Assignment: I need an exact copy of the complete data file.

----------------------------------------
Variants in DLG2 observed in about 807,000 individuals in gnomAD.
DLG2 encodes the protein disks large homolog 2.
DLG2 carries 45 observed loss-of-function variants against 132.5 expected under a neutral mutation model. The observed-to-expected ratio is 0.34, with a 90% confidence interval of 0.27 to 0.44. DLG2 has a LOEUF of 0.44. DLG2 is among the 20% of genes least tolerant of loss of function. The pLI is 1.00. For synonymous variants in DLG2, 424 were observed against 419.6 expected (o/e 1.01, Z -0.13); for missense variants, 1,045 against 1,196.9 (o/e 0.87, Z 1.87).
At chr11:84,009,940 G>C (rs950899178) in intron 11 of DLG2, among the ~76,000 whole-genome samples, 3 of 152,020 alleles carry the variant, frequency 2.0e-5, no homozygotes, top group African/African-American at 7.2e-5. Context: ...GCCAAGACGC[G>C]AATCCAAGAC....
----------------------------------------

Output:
Variants in DLG2 observed in about 807,000 individuals in gnomAD.
DLG2 encodes the protein disks large homolog 2.
DLG2 carries 45 observed loss-of-function variants against 132.5 expected under a neutral mutation model. The observed-to-expected ratio is 0.34, with a 90% confidence interval of 0.27 to 0.44. DLG2 has a LOEUF of 0.44. DLG2 is among the 20% of genes least tolerant of loss of function. The pLI is 1.00. For synonymous variants in DLG2, 424 were observed against 419.6 expected (o/e 1.01, Z -0.13); for missense variants, 1,045 against 1,196.9 (o/e 0.87, Z 1.87).
At chr11:84,009,940 G>C (rs950899178) in intron 11 of DLG2, among the ~76,000 whole-genome samples, 3 of 152,020 alleles carry the variant, frequency 2.0e-5, no homozygotes, top group African/African-American at 7.2e-5. Context: ...GCCAAGACGC[G>C]AATCCAAGAC....